The Form to know the Formless

Updated: Feb 9, 2021

‘Salutations to Shiva, who taught the science of Hatha Yoga. It is the aspirants stairway that shines forth unto the lofty heights of Raja Yoga’
-Hathapradipika 1.1

Yoga, like any spiritual practise happens inside the individual, it is invisible. I am of course not talking about yoga postures but the philosophy, energies, and the State of Yoga itself; think of concepts like Kundalini, Chakras, Meditation, Love, Faith, God and Samadhi. All are unseen and perfectly doubtable! This is the difficulty of any spirituality discipline, you can’t read or hear about it and believe or feel it for it can only be known through individual experience.

‘ The mind cannot grasp him above, or below, or in the space in between… Far beyond the range of vision he cannot be seen by mortal eyes; but he can be known by the heart and the mind, and those who know him attain immortality’

-Svetasvatara Up.

Before the practise of Hatha Yoga (which means physical yoga done in the body) how did people come to experience Yoga? Some of the earliest yogic teachings are The Upanisads which tackled this great problem of trying to describe the formless in the case of Brahman and Atman. For these cannot be known by mortal senses, are said to be beyond thought and words, and yet are everywhere and in everything. The way the text attempts to make them real is through words; words that depict nature, everyday objects and scenarios, riddles, metaphors, similes, the words are beautiful yet relentless in their goal to make the reader understand the truth and enormity of what must surely be known! Brahman is compared to light, space, energy and love, all things that cannot be measured, touched or held in your hand, yet there is no doubt that they are indeed 100% real. The Self they tell us is in everything, just as is the oil in the oil fruit, cream in the milk, water in the springs, the tree that seems to grow from a tiny seed, these things that are undoubtedly there, known by all and yet hidden and so is the Self in everything. As you see without a physical practise one must rely on scriptures, meditation and a whole lot of FAITH.

Also these ancient yogis, without our modern day scientific knowledge of the body mapped an energetic system onto the body based on their understanding of health and the natural phenomena of the world. The system of nadis, meaning energy rivers or channels and vayus, meaning energy winds or currents, the greatest of which is the Susumna nadi and the Kundalini energy.

‘As when a ruler commands his officials and appoints them cities to be ruled, in his name, even so Prana , the power of life, rules the other living powers of the body’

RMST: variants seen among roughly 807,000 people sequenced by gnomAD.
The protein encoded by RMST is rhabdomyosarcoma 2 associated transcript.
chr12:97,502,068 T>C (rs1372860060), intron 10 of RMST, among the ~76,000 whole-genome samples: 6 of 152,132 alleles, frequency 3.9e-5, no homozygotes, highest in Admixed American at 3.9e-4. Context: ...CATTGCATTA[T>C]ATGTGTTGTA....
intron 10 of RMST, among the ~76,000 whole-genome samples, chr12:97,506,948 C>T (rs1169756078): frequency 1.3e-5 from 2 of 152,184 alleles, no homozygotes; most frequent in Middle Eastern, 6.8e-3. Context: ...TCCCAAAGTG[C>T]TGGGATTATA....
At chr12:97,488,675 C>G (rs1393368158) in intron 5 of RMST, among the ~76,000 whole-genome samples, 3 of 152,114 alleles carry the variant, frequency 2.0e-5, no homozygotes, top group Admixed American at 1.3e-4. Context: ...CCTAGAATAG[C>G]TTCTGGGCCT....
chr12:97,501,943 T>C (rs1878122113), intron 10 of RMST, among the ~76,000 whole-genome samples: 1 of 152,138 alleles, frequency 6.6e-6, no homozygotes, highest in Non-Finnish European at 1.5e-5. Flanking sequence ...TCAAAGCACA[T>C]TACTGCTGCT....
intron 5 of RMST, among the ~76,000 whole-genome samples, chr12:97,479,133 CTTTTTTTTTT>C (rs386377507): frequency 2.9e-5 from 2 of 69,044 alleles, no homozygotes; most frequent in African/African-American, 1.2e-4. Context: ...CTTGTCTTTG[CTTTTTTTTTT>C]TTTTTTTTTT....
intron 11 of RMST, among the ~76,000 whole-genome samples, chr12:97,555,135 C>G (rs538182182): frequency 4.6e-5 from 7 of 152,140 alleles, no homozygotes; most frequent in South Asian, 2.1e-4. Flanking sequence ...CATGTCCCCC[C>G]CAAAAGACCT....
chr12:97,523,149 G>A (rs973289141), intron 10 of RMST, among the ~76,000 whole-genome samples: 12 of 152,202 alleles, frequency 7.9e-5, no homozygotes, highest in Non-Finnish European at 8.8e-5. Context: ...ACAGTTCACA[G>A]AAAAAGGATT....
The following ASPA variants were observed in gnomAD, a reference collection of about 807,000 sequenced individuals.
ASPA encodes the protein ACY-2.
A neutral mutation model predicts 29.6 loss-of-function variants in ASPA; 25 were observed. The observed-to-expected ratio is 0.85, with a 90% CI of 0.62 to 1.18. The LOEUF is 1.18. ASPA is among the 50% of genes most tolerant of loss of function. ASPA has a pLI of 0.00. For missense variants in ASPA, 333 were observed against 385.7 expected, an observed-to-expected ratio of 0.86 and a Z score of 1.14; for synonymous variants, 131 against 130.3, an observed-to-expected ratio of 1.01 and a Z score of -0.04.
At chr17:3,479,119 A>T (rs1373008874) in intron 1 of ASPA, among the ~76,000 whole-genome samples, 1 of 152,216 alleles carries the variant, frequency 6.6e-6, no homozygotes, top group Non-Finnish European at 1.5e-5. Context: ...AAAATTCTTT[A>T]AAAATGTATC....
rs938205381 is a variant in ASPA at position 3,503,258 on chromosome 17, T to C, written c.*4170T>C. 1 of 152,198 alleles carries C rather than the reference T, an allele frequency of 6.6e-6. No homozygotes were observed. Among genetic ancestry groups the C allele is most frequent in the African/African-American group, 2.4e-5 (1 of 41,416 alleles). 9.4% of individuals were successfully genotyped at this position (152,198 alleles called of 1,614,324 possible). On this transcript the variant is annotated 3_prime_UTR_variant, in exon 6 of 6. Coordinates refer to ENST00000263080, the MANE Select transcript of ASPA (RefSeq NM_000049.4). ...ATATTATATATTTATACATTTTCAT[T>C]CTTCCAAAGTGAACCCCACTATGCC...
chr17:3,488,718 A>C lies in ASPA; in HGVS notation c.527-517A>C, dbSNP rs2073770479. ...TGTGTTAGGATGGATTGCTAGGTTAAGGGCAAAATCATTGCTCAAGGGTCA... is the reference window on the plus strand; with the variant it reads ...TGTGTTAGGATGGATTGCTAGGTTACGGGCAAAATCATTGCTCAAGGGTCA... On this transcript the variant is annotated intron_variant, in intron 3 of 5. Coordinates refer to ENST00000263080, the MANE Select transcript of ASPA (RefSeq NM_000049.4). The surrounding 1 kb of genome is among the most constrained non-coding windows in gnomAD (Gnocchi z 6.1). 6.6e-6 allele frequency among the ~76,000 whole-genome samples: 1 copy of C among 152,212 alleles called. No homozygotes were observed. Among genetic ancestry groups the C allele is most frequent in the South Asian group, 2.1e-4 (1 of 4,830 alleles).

-Prasna Up.

This energetic nadi system was later richly elaborated through Laya and Tantra traditions which relied heavily upon visualisations and meditation and developed into Kundalini Yoga. This is where the chakra concept we still see today in the modern yoga scene comes from. Onto the energetic body they grafted well known forms from everyday life and nature, they likened the body to the plants, mountain and oceans, to smells, colours and elements and even to animals, sounds and deities in attempt to shape the formless into something that could be grasped by the imagination and mind.

‘This Lotus, lustrous and whiter than the full Moon, has its head turned downward. It charms. It's clustered filaments are tinged with the colour of the young Sun. Its body is luminous with the letters beginning with A, and it is absolute bliss’

-Sat-Cakra-Nirupuna, translated by Sir John Woodroffe in his book The Serpent Power

And then we have the more recent Hatha Yoga, the most popular form of yoga today which uses our own tangible and perfectly undoubtable physical body to show us the formless concepts of Yoga.

‘As one opens a door with a key, so the yogi forces opens the door of liberation with Kundalini’

-Hathapradipika 1.1 & 3.105

I am not saying that as you do Trikonasana you do yoga, but if you know where to look you will notice that hidden within that asana are the key elements to guide you on your inward journey to yoga…. bodily control, calm mind, stillness, inward gaze, steadfastness, alertness, meditation... and how about contentment, devotion, faith, courage, truth, non- attachment do we see those too?!

‘He is in his own Being, pure, never changing, never- moving, unpollutable; and in peace beyond desires he watches the drama of the Universe’

-Maitri Up.

There are two very special elements to the practise that seem formless but in fact when used in the body give form. Breath and bandha (internal lock/ catches) are far more important than the postures itself, combined with the inward focus they draw us inwards and seem to bridge both the physical and energetic bodies. They could be claimed to be visible or invisible, esoteric or tangible, subtle or muscular; this is entirely dependent on our knowledge and skill when it comes to activating and experiencing them. It is said that Mula Bandha is the master key but how about the breath itself being the master key and Mula Bandha being the secret doorway?

‘As fire, though one, takes new forms in all things that burn…As the wind, though one, takes new forms in whatever it enters…’

-Katha Up.